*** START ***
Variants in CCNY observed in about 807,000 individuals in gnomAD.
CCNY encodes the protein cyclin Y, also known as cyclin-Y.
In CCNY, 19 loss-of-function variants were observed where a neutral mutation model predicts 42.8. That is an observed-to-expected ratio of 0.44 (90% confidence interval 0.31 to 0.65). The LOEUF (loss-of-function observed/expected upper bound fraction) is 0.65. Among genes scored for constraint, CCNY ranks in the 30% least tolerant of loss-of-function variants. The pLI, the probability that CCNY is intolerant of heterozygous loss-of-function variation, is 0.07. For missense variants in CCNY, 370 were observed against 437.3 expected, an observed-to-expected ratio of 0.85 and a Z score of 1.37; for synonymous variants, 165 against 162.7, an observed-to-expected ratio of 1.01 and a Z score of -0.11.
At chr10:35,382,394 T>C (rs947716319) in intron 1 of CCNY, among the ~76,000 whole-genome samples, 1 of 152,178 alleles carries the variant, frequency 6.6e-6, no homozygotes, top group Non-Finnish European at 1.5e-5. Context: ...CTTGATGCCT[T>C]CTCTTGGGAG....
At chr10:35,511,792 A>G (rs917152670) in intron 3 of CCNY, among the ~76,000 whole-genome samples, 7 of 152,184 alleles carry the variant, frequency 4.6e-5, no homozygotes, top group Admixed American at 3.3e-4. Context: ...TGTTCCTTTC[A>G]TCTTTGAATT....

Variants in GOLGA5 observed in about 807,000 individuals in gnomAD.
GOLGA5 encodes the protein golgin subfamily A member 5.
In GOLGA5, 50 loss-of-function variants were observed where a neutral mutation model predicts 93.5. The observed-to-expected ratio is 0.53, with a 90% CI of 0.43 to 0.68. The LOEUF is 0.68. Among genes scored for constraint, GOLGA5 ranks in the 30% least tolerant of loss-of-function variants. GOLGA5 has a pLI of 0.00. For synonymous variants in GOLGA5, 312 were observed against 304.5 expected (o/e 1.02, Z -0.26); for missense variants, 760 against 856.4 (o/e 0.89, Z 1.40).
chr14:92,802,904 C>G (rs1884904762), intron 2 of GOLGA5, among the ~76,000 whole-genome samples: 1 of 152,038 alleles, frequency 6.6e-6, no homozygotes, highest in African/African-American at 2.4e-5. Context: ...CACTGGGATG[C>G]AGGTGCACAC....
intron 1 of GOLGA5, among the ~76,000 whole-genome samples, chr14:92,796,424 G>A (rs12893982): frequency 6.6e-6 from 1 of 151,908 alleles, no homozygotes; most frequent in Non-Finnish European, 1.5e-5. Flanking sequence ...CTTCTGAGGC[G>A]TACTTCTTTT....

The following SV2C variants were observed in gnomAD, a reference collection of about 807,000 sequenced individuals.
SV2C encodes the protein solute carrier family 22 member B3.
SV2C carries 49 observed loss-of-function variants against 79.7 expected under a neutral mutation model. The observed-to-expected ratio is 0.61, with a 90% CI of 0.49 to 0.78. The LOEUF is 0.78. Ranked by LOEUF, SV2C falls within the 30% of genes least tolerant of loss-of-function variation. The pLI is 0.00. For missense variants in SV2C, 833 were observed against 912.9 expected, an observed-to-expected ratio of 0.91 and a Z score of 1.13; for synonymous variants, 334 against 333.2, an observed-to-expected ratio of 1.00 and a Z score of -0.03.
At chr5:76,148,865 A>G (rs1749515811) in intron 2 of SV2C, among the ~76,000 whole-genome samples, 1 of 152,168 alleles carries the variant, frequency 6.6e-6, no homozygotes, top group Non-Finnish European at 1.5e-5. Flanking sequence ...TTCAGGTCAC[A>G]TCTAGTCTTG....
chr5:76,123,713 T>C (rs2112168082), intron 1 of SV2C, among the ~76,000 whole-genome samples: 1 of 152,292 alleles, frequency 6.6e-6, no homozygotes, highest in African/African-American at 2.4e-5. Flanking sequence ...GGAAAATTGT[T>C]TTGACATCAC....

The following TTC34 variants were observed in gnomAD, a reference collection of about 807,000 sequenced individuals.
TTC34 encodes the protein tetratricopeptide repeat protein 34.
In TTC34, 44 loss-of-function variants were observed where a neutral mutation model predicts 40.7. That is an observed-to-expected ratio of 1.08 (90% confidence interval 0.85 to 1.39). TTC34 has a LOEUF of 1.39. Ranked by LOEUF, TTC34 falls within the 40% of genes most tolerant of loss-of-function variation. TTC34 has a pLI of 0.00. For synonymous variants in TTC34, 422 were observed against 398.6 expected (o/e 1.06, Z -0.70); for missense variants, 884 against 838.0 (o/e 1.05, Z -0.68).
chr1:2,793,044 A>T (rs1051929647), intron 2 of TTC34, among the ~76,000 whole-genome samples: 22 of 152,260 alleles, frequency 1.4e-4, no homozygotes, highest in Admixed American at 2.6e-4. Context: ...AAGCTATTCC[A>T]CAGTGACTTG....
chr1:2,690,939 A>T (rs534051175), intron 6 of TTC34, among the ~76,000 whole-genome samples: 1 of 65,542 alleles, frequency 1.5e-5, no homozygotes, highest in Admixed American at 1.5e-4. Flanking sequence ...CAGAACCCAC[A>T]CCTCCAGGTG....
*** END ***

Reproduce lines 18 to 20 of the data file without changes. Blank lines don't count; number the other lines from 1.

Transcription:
In TTC34, 44 loss-of-function variants were observed where a neutral mutation model predicts 40.7. That is an observed-to-expected ratio of 1.08 (90% confidence interval 0.85 to 1.39). TTC34 has a LOEUF of 1.39. Ranked by LOEUF, TTC34 falls within the 40% of genes most tolerant of loss-of-function variation. TTC34 has a pLI of 0.00. For synonymous variants in TTC34, 422 were observed against 398.6 expected (o/e 1.06, Z -0.70); for missense variants, 884 against 838.0 (o/e 1.05, Z -0.68).
chr1:2,793,044 A>T (rs1051929647), intron 2 of TTC34, among the ~76,000 whole-genome samples: 22 of 152,260 alleles, frequency 1.4e-4, no homozygotes, highest in Admixed American at 2.6e-4. Context: ...AAGCTATTCC[A>T]CAGTGACTTG....
chr1:2,690,939 A>T (rs534051175), intron 6 of TTC34, among the ~76,000 whole-genome samples: 1 of 65,542 alleles, frequency 1.5e-5, no homozygotes, highest in Admixed American at 1.5e-4. Flanking sequence ...CAGAACCCAC[A>T]CCTCCAGGTG....